Luminous Flux, a street performance directed by Lee Blalock and Bubba Carr
As co-founder Cathy Byrd explains, “Le Flash” wasn’t intended to be a carnival of excess:
The idea is not at all about chaos, but rather turns around the magical, the poetic, the unexpected, and the fantastical.
Byrd’s description—suggesting an air of the otherworldly—applied most directly to one of my favorite performances, Luminous Flux by Lee Blalock and Bubba Carr (collectively known as “Bublee”).
In a break from the vaguely French theme of “Le Flash,” Luminous Flux borrows its all-white costuming and slow, stylized movements from a genre of modern Japanese performance called Butoh. I’m not familiar with Butoh, but the first example, Forbidden Colors, was an adaptation of a novel by Yukio Mishima.
Evoking the plumage of a predatory owl or perhaps the spines of an iguana, each dancer of Luminous Flux had a unique look while still contributing to the overall “wow” of the group. The dance itself was limited to mysterious gestures and exaggerated “swimming” movements through the street.
I don’t have the background to judge the dancing, but for me, the costumes and “lantern” props kept the act from seeming ridiculous. On the contrary, the performers really did seem like creatures from another world.
The piece followed a basic symbolic theme of connectivity. Several “human fuses” wait in slumber, “plugged in” like dormant appliances at stations placed along the event perimeter. They are each awakened in sequence to join rest of the chain.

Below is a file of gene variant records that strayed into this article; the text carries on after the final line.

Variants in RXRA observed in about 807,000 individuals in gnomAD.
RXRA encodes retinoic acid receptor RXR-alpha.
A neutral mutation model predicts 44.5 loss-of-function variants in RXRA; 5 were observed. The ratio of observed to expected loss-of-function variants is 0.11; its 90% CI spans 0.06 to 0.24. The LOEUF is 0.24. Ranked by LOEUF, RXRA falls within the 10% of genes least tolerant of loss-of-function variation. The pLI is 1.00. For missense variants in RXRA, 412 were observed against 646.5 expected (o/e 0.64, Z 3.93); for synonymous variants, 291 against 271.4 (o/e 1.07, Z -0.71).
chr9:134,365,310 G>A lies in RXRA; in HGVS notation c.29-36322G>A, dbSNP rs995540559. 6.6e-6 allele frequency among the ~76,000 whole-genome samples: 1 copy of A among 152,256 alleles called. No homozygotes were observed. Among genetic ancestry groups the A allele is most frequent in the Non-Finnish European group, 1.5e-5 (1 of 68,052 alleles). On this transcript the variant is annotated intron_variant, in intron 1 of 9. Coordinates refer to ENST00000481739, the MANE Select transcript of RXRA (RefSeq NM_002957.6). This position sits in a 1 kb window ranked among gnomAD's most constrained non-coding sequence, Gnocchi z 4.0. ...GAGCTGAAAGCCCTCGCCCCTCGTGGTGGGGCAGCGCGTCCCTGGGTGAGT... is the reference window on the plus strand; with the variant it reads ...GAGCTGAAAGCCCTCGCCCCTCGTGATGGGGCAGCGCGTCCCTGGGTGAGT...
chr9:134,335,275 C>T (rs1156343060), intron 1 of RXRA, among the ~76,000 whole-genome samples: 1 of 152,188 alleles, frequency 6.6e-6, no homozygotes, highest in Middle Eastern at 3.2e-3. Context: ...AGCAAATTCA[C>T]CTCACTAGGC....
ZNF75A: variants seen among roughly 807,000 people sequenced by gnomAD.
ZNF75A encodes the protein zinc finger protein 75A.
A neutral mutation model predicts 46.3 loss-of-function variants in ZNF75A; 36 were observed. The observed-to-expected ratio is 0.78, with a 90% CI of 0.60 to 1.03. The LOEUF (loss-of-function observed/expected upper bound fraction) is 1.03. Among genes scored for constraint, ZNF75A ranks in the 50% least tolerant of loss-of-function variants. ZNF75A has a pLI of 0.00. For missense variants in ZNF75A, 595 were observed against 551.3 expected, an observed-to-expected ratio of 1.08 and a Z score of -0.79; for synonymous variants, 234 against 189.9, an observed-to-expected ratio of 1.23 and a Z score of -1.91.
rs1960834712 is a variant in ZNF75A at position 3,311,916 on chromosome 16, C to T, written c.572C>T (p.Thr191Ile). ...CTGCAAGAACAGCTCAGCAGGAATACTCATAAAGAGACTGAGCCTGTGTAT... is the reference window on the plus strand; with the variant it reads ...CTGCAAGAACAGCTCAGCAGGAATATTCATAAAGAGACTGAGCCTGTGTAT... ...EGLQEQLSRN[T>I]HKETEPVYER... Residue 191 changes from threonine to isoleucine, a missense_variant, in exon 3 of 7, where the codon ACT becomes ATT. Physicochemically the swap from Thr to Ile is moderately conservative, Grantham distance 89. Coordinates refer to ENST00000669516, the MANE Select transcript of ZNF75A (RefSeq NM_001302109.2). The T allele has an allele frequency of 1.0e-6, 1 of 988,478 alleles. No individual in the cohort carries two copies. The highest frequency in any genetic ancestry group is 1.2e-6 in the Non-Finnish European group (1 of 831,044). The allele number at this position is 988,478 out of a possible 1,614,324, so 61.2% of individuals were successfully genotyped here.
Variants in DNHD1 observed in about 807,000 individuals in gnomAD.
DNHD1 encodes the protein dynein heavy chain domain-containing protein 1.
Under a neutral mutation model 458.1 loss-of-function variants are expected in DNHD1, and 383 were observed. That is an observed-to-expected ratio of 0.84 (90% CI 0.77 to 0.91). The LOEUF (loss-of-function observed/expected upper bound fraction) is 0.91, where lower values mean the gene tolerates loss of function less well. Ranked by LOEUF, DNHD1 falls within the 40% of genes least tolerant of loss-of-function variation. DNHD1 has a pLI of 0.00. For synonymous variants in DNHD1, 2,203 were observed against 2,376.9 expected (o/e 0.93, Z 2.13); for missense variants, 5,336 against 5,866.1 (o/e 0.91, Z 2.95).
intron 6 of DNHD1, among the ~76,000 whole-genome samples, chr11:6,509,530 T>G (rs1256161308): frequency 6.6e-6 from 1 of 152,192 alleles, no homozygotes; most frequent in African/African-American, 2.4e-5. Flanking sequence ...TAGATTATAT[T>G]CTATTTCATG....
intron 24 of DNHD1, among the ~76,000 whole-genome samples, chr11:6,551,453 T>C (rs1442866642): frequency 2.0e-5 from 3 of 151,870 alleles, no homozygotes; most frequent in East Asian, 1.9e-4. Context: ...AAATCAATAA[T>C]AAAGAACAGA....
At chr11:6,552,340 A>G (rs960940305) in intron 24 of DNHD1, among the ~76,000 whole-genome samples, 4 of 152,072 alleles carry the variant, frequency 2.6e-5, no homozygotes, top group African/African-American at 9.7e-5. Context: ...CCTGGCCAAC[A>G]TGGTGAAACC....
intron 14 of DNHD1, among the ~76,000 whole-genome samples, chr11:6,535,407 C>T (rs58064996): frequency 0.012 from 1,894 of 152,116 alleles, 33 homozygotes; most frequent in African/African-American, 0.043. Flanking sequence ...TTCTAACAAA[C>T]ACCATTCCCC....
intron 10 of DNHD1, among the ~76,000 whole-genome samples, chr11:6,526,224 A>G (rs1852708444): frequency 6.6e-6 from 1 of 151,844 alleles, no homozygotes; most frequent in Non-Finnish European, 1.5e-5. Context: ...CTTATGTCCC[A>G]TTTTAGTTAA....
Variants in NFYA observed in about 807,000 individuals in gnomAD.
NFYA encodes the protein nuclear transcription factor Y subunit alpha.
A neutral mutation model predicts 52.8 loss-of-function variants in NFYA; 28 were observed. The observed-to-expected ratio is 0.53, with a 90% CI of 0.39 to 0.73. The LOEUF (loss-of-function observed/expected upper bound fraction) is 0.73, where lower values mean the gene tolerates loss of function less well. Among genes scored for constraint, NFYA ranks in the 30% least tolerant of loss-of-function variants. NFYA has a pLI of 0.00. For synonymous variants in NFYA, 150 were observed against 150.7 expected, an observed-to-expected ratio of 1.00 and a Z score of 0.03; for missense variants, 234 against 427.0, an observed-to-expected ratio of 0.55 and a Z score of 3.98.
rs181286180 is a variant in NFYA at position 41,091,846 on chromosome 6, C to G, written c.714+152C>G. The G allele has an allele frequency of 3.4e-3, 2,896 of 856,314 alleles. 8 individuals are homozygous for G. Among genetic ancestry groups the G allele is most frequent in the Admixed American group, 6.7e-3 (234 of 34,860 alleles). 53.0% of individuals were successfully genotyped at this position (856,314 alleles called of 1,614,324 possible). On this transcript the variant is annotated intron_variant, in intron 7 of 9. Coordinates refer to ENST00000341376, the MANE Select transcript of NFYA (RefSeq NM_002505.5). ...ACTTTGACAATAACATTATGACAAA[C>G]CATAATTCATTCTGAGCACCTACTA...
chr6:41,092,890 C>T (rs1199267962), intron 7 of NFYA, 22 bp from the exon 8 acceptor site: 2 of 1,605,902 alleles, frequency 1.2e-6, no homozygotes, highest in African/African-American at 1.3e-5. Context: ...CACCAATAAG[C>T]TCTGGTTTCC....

At one point (see video at top), the troupe took up a more invasive tactic—rushing around corners with screams to spook unsuspecting art strollers (AAAaah!). I suppose it was only a week before Halloween. But in terms of logistics, it pointed to a deficiency of the event overall; sidewalks proved a lot better for “guerrilla” performances like Trey Burns’ Paparazzi Flash Mob. These guys fit perfectly, striking like lightning with their obnoxious flashbulb cameras before sprinting back into the night.
The sidewalk didn’t give much room for an audience; the ideal position for watching large portions of Luminous Flux was from across the street. Or to be more precise, from the middle of the street. Although Castleberry traffic was fortunately light, would it have been possible to close off the district completely? A larger, more pedestrian-accessible area would better showcase the various “Le Flash” performances.